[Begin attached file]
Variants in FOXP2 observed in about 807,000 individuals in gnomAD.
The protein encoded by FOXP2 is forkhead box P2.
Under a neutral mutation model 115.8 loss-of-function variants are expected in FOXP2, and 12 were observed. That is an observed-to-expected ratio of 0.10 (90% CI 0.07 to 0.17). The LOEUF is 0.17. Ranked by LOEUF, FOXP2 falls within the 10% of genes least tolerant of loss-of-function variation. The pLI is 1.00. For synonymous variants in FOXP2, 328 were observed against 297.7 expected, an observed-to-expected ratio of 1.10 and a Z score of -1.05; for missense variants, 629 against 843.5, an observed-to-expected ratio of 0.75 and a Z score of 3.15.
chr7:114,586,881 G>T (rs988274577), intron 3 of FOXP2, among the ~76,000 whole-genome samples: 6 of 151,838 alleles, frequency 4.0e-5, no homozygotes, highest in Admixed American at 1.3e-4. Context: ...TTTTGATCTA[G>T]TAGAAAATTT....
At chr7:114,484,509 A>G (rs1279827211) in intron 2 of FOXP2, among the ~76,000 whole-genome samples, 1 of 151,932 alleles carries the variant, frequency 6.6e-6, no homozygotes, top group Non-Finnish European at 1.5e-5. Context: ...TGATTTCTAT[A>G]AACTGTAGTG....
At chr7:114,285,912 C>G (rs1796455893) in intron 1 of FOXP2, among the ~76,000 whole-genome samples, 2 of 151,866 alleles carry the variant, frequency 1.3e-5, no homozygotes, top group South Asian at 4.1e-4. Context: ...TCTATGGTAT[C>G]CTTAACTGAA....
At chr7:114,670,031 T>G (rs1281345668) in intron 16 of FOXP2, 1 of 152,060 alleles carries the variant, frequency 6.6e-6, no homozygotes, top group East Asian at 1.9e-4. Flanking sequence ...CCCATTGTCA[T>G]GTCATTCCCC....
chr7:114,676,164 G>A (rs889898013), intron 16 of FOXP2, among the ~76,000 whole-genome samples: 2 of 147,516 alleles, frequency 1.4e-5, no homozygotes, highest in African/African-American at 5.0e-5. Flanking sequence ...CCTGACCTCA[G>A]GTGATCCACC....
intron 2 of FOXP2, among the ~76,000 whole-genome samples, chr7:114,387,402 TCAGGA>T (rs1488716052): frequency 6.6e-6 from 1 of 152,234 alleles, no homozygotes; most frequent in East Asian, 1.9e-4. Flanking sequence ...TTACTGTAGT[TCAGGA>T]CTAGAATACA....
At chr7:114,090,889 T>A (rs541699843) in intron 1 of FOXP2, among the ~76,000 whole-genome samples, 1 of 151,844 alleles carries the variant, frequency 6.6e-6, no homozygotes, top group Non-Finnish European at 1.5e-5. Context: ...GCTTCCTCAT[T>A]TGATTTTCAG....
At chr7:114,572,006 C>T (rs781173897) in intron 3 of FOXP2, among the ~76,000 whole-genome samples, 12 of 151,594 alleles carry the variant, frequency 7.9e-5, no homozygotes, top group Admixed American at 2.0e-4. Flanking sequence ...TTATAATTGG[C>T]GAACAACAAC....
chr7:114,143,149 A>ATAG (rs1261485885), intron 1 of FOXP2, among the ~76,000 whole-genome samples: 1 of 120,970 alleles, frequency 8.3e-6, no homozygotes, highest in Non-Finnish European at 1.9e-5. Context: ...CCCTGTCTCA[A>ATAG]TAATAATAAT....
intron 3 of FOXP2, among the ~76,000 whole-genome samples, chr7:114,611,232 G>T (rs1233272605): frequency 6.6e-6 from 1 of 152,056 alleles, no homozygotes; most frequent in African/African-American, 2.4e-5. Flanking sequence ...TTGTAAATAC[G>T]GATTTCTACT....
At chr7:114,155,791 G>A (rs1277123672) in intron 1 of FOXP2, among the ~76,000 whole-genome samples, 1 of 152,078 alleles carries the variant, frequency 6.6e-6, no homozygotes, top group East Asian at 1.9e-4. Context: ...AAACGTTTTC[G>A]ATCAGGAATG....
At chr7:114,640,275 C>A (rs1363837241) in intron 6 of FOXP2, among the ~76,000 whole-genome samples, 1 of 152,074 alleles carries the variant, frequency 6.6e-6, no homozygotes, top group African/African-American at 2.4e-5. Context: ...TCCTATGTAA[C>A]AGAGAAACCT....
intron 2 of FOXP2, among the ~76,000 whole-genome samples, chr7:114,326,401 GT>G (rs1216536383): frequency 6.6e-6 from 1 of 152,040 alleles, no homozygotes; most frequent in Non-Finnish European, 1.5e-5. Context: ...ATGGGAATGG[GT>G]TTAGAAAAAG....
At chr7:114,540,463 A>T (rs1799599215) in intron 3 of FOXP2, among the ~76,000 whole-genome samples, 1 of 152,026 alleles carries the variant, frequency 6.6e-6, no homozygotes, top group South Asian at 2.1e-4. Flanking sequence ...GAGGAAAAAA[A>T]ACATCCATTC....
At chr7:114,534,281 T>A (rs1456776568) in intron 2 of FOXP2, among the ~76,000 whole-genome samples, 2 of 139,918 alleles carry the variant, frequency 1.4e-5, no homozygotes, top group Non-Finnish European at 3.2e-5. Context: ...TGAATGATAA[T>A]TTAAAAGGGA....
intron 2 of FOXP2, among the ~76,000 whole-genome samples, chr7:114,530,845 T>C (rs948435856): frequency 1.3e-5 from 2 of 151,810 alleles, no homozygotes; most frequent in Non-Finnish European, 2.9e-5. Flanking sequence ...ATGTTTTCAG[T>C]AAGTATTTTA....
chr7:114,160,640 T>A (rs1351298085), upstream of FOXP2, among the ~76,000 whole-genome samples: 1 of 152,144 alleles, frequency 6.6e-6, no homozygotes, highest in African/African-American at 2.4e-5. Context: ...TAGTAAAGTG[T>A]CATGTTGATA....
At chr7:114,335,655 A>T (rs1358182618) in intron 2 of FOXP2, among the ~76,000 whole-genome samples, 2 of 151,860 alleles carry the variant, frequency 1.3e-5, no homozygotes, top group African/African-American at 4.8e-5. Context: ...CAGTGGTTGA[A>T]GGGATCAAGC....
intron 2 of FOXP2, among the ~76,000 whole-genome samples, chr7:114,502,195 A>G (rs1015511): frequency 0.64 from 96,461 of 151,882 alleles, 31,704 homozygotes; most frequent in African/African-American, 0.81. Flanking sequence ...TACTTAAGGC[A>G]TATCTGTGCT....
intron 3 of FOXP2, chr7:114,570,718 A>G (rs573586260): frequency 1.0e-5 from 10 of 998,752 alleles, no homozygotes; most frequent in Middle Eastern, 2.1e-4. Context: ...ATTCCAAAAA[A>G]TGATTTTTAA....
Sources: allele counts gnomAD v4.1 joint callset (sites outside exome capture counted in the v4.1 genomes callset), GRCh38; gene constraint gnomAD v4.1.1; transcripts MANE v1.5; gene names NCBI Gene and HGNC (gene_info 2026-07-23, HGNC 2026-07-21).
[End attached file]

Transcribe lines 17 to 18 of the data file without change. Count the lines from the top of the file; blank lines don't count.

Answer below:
At chr7:114,540,463 A>T (rs1799599215) in intron 3 of FOXP2, among the ~76,000 whole-genome samples, 1 of 152,026 alleles carries the variant, frequency 6.6e-6, no homozygotes, top group South Asian at 2.1e-4. Flanking sequence ...GAGGAAAAAA[A>T]ACATCCATTC....
At chr7:114,534,281 T>A (rs1456776568) in intron 2 of FOXP2, among the ~76,000 whole-genome samples, 2 of 139,918 alleles carry the variant, frequency 1.4e-5, no homozygotes, top group Non-Finnish European at 3.2e-5. Context: ...TGAATGATAA[T>A]TTAAAAGGGA....